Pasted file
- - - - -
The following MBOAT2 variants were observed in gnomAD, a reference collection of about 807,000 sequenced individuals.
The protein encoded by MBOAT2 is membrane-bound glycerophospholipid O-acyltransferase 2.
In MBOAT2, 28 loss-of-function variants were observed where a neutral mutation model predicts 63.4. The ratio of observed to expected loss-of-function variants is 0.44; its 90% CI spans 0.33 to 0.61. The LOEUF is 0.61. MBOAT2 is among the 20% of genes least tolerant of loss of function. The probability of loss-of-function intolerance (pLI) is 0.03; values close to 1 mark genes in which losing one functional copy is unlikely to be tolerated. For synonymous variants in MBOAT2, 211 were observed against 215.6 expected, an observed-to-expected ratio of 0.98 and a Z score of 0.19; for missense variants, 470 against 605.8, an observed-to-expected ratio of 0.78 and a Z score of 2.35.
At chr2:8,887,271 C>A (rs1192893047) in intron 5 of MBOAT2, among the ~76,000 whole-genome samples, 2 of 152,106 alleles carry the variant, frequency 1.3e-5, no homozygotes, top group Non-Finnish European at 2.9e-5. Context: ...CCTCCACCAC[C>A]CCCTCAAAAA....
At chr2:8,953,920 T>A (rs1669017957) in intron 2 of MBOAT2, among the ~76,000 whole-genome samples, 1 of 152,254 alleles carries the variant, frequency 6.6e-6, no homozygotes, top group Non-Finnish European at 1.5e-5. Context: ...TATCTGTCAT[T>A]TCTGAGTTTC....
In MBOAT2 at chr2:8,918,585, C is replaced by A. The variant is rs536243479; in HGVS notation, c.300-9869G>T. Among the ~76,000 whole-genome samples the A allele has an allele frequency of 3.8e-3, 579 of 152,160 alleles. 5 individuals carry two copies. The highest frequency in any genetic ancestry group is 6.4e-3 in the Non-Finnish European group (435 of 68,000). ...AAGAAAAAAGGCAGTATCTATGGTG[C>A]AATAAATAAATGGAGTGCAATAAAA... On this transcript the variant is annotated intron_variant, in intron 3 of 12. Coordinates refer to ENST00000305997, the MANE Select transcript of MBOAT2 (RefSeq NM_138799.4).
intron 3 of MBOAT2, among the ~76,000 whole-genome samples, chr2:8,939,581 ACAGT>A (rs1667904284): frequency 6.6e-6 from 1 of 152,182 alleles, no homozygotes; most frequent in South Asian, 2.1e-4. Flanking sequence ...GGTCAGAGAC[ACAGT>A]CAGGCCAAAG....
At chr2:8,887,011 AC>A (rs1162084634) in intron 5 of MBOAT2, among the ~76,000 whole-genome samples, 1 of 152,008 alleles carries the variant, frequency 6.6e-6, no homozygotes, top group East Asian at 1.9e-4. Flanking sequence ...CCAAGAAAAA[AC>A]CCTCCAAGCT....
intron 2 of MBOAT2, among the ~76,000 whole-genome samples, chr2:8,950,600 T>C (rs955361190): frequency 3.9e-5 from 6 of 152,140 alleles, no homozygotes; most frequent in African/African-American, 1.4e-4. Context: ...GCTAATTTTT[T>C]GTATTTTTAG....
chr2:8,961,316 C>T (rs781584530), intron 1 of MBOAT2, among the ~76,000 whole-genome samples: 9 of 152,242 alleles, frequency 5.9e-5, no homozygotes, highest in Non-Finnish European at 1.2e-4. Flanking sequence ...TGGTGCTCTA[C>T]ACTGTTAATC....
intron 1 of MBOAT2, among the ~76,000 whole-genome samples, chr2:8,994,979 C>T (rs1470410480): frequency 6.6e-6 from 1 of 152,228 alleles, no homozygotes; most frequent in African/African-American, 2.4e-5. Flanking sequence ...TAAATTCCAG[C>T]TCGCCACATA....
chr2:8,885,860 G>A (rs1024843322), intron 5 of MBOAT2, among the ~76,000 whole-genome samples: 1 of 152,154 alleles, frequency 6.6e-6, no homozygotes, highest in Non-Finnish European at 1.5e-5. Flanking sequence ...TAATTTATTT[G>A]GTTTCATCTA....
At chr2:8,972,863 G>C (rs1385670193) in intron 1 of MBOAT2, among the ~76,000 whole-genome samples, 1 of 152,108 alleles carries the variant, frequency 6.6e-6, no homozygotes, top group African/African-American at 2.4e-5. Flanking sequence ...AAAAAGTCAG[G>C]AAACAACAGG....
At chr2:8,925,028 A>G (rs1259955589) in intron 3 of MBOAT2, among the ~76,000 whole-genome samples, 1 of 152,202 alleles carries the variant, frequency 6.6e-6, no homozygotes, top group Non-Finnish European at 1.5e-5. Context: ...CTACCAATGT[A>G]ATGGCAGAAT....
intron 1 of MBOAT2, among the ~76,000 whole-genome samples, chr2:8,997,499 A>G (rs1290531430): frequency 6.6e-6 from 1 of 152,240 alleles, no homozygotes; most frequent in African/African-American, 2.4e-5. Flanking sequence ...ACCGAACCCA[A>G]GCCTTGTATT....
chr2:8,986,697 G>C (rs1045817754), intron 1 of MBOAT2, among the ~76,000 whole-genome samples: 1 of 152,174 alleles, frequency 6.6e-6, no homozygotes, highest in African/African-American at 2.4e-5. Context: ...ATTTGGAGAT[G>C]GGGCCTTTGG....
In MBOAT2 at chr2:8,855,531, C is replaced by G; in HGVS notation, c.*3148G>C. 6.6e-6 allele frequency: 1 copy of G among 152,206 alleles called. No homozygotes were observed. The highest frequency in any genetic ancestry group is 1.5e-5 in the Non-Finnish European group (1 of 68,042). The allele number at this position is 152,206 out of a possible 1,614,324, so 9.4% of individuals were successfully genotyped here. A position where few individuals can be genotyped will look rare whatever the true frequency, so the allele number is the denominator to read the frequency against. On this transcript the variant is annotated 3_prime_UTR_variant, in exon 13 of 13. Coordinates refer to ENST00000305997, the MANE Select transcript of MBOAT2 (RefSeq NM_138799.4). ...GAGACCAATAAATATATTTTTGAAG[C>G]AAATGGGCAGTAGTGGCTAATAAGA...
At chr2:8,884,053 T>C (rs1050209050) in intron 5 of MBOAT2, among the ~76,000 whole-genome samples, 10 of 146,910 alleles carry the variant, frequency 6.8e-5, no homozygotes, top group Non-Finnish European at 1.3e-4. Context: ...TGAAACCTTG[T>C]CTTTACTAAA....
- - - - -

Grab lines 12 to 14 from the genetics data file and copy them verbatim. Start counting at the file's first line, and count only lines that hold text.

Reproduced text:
chr2:8,885,860 G>A (rs1024843322), intron 5 of MBOAT2, among the ~76,000 whole-genome samples: 1 of 152,154 alleles, frequency 6.6e-6, no homozygotes, highest in Non-Finnish European at 1.5e-5. Flanking sequence ...TAATTTATTT[G>A]GTTTCATCTA....
At chr2:8,972,863 G>C (rs1385670193) in intron 1 of MBOAT2, among the ~76,000 whole-genome samples, 1 of 152,108 alleles carries the variant, frequency 6.6e-6, no homozygotes, top group African/African-American at 2.4e-5. Flanking sequence ...AAAAAGTCAG[G>C]AAACAACAGG....
At chr2:8,925,028 A>G (rs1259955589) in intron 3 of MBOAT2, among the ~76,000 whole-genome samples, 1 of 152,202 alleles carries the variant, frequency 6.6e-6, no homozygotes, top group Non-Finnish European at 1.5e-5. Context: ...CTACCAATGT[A>G]ATGGCAGAAT....